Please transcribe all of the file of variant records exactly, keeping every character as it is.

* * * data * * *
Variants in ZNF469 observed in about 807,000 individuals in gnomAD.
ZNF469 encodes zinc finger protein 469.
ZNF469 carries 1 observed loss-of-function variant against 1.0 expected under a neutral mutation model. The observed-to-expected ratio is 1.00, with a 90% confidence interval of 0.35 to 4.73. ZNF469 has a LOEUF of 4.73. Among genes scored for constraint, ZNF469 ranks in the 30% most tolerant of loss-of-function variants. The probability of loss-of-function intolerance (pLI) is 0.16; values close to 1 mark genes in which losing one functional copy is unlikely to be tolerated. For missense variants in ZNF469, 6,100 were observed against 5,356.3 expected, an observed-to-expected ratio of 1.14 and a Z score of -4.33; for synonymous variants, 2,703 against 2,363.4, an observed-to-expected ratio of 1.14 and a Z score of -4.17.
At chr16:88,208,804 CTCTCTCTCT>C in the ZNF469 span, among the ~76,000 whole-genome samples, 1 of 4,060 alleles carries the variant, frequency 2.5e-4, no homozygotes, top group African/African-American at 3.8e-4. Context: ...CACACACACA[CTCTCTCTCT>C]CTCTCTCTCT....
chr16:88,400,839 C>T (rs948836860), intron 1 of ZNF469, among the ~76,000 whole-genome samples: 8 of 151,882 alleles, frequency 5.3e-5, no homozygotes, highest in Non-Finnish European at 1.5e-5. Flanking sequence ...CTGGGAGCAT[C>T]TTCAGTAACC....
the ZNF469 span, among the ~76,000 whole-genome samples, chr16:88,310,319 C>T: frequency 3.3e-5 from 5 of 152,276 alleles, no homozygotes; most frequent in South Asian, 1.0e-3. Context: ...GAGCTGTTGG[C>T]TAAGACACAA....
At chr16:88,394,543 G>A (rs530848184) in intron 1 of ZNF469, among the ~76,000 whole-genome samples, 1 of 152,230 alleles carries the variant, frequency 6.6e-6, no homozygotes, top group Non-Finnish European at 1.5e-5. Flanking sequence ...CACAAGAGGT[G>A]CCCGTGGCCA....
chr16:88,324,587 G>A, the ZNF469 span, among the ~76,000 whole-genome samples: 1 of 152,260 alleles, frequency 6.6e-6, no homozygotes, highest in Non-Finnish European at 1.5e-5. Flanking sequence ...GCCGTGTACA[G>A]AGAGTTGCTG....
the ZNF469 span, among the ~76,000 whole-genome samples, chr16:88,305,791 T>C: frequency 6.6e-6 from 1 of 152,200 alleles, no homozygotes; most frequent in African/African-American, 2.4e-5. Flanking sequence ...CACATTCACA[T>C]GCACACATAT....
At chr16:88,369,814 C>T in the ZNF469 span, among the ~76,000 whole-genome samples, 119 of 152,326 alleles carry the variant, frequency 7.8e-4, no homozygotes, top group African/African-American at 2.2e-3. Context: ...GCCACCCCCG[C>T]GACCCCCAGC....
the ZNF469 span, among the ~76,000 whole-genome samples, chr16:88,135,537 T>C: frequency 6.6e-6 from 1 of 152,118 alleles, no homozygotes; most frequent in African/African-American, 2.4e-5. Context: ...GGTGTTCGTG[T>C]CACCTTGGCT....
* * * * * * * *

Variants in ZNF469 observed in about 807,000 individuals in gnomAD.
ZNF469 encodes zinc finger protein 469.
ZNF469 carries 1 observed loss-of-function variant against 1.0 expected under a neutral mutation model. The observed-to-expected ratio is 1.00, with a 90% confidence interval of 0.35 to 4.73. ZNF469 has a LOEUF of 4.73. Among genes scored for constraint, ZNF469 ranks in the 30% most tolerant of loss-of-function variants. The probability of loss-of-function intolerance (pLI) is 0.16; values close to 1 mark genes in which losing one functional copy is unlikely to be tolerated. For missense variants in ZNF469, 6,100 were observed against 5,356.3 expected, an observed-to-expected ratio of 1.14 and a Z score of -4.33; for synonymous variants, 2,703 against 2,363.4, an observed-to-expected ratio of 1.14 and a Z score of -4.17.
At chr16:88,208,804 CTCTCTCTCT>C in the ZNF469 span, among the ~76,000 whole-genome samples, 1 of 4,060 alleles carries the variant, frequency 2.5e-4, no homozygotes, top group African/African-American at 3.8e-4. Context: ...CACACACACA[CTCTCTCTCT>C]CTCTCTCTCT....
chr16:88,400,839 C>T (rs948836860), intron 1 of ZNF469, among the ~76,000 whole-genome samples: 8 of 151,882 alleles, frequency 5.3e-5, no homozygotes, highest in Non-Finnish European at 1.5e-5. Flanking sequence ...CTGGGAGCAT[C>T]TTCAGTAACC....
the ZNF469 span, among the ~76,000 whole-genome samples, chr16:88,310,319 C>T: frequency 3.3e-5 from 5 of 152,276 alleles, no homozygotes; most frequent in South Asian, 1.0e-3. Context: ...GAGCTGTTGG[C>T]TAAGACACAA....
At chr16:88,394,543 G>A (rs530848184) in intron 1 of ZNF469, among the ~76,000 whole-genome samples, 1 of 152,230 alleles carries the variant, frequency 6.6e-6, no homozygotes, top group Non-Finnish European at 1.5e-5. Flanking sequence ...CACAAGAGGT[G>A]CCCGTGGCCA....
chr16:88,324,587 G>A, the ZNF469 span, among the ~76,000 whole-genome samples: 1 of 152,260 alleles, frequency 6.6e-6, no homozygotes, highest in Non-Finnish European at 1.5e-5. Flanking sequence ...GCCGTGTACA[G>A]AGAGTTGCTG....
the ZNF469 span, among the ~76,000 whole-genome samples, chr16:88,305,791 T>C: frequency 6.6e-6 from 1 of 152,200 alleles, no homozygotes; most frequent in African/African-American, 2.4e-5. Flanking sequence ...CACATTCACA[T>C]GCACACATAT....
At chr16:88,369,814 C>T in the ZNF469 span, among the ~76,000 whole-genome samples, 119 of 152,326 alleles carry the variant, frequency 7.8e-4, no homozygotes, top group African/African-American at 2.2e-3. Context: ...GCCACCCCCG[C>T]GACCCCCAGC....
the ZNF469 span, among the ~76,000 whole-genome samples, chr16:88,135,537 T>C: frequency 6.6e-6 from 1 of 152,118 alleles, no homozygotes; most frequent in African/African-American, 2.4e-5. Context: ...GGTGTTCGTG[T>C]CACCTTGGCT....